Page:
Study Guide References

Adams, P.L. (1973). Obsessive Children. New York: Bruner/Mazel, Inc. Alvarez, A. (2010). "Levels of analytic work and levels of pathology: The work of calibration." The International Journal of Psychoanalysis, 91: 859-878. American Psychiatric Association. (2013). Diagnostic and statistical manual of mental disorders (5th ed.). Arlington, VA: American Psychiatric Publishing. Astor, J. (2004). "Response to Dr. Britton's paper." Journal of Analytical Psychology, 49: 491-493. Astor, J. (2007). "Fordham, feeling, and countertransference: Reflections on defences of the self." Journal of Analytical Psychology, 52: 185-205. Balint, E. (1991). "One analyst's technique. In: Before I was I: Psychoanalysis and the Imagination" (pp. 120-129). London: Free [...]

Study Guide References2019-06-05T19:39:17+01:00

Key people and theoretical developments

1877 - Jean-Martin Charcot, at the Salpêtrière Hospital in Paris, was the leading physician of his day working on nervous disorders and, in particular, hysteria (he has also been called the founder of modern neurology). He was the first to make the link between hysteria and underlying trauma (Lectures on the diseases of the nervous system: Delivered at La Salpêtrière, 1877). 1894 - Charcot's work on hysteria was taken up and much developed by his pupil, Pierre Janet, who laid down the foundation stones of trauma theory which are still sound today. Through extensive study, observation, and the use of hypnosis, Janet concluded [...]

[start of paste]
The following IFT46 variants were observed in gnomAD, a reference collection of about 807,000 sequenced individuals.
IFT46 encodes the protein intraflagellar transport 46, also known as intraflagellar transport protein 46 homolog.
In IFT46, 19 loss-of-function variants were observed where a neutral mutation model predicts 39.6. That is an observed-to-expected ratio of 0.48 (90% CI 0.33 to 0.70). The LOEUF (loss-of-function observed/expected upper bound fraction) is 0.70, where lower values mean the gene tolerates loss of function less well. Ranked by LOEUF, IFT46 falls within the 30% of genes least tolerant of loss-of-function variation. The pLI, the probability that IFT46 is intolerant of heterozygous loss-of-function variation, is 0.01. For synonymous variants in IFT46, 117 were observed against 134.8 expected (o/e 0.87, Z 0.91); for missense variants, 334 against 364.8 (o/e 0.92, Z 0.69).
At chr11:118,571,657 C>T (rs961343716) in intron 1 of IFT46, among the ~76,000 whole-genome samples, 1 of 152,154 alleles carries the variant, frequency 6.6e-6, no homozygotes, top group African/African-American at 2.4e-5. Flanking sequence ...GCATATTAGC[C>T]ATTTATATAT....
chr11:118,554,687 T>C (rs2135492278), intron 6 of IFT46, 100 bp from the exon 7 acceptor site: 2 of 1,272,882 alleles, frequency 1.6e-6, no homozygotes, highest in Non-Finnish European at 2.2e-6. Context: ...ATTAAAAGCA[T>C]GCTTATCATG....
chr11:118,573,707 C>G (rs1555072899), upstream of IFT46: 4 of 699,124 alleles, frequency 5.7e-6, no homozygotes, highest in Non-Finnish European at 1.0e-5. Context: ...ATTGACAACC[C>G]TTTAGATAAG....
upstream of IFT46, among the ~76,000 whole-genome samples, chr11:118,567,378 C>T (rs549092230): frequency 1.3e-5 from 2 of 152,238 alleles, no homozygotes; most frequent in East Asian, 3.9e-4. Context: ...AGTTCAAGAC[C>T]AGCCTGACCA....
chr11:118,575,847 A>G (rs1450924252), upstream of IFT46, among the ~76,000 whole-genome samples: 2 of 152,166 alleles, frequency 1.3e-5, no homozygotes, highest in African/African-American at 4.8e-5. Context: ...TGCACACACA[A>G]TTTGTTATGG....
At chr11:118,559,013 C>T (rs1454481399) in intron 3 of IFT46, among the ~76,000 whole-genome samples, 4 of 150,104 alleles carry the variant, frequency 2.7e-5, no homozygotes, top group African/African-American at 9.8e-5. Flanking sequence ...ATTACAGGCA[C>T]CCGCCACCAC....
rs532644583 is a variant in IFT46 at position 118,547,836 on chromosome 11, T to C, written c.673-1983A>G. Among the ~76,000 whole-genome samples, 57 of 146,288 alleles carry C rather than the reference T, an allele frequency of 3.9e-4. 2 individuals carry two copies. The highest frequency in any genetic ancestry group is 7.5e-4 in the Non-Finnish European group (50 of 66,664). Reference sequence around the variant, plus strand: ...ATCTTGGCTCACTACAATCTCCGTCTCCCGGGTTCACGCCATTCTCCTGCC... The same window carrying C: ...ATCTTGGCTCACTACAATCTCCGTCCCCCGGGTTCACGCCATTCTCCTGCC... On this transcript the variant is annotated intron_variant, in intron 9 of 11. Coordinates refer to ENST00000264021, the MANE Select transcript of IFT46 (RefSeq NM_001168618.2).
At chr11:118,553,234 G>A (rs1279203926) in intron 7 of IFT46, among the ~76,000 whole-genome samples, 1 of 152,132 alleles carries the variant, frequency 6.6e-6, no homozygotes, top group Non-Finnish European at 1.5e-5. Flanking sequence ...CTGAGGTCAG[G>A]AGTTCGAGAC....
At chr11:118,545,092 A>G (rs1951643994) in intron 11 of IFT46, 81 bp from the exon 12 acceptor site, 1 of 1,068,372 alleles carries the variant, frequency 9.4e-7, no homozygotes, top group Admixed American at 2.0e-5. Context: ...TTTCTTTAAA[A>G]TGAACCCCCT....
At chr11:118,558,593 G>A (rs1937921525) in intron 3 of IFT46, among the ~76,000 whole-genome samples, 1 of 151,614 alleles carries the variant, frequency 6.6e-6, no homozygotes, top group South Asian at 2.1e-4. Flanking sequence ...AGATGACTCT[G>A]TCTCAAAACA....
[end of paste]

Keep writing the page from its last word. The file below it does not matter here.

Key people and theoretical developments2019-05-30T18:59:38+01:00


'Borderline' and 'Narcissistic': The problem with terms The influential American diagnostic manual, the DSM, provides diagnostic criteria for what it terms 'narcissistic personality disorder' and 'borderline personality disorder', yet the whole concept of regarding personality traits as 'disorders' has met with fierce criticism in recent years, amongst both patients and analysts. Some regard the concept of psychological 'disorders' as reinforcing an unnecessary and inappropriate medical diagnostic model; some see it as being rooted in a limiting post-Enlightenment ideology of rigid classification and marginalisation of anyone not deemed to be suitably socially acquiescent (see Richard Bentall, 2004; Foucault, 1961); and many patients [...]


Therapeutic approaches to working with fragile selves

The main treatment for individuals with borderline and narcissistic personality traits is centred on various forms of psychotherapy, including Cognitive Behavioural Therapy (CBT) and Dialectical Behaviour Therapy (DBT). Contemporary treatments commonly involve mentalization-based therapy, transference-focused psychotherapy, and schema-focused psychotherapy. Individual and group psychotherapy may be also useful in helping people with narcissistic and borderline personality disorders. Indeed, the success of psychotherapeutic treatments for individuals with borderline and narcissistic personality traits is one of the most striking developments that has happened in the analytic world since Freud's original formulations in 1914. Whereas Freud regarded narcissistic traits as largely untreatable in the psychoanalytic